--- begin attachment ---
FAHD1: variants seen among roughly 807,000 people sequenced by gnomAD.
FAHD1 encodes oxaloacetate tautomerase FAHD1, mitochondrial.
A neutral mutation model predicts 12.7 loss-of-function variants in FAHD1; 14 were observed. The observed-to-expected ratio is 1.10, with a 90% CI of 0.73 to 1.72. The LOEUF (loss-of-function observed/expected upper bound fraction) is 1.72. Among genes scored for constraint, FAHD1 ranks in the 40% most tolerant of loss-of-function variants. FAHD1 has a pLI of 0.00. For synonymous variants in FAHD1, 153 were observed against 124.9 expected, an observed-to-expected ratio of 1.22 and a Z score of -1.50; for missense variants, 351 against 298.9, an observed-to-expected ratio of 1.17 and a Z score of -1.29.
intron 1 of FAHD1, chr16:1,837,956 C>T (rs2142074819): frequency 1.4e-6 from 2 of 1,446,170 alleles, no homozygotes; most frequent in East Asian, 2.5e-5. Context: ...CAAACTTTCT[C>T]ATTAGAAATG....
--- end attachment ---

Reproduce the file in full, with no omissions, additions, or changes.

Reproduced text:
FAHD1: variants seen among roughly 807,000 people sequenced by gnomAD.
FAHD1 encodes oxaloacetate tautomerase FAHD1, mitochondrial.
A neutral mutation model predicts 12.7 loss-of-function variants in FAHD1; 14 were observed. The observed-to-expected ratio is 1.10, with a 90% CI of 0.73 to 1.72. The LOEUF (loss-of-function observed/expected upper bound fraction) is 1.72. Among genes scored for constraint, FAHD1 ranks in the 40% most tolerant of loss-of-function variants. FAHD1 has a pLI of 0.00. For synonymous variants in FAHD1, 153 were observed against 124.9 expected, an observed-to-expected ratio of 1.22 and a Z score of -1.50; for missense variants, 351 against 298.9, an observed-to-expected ratio of 1.17 and a Z score of -1.29.
intron 1 of FAHD1, chr16:1,837,956 C>T (rs2142074819): frequency 1.4e-6 from 2 of 1,446,170 alleles, no homozygotes; most frequent in East Asian, 2.5e-5. Context: ...CAAACTTTCT[C>T]ATTAGAAATG....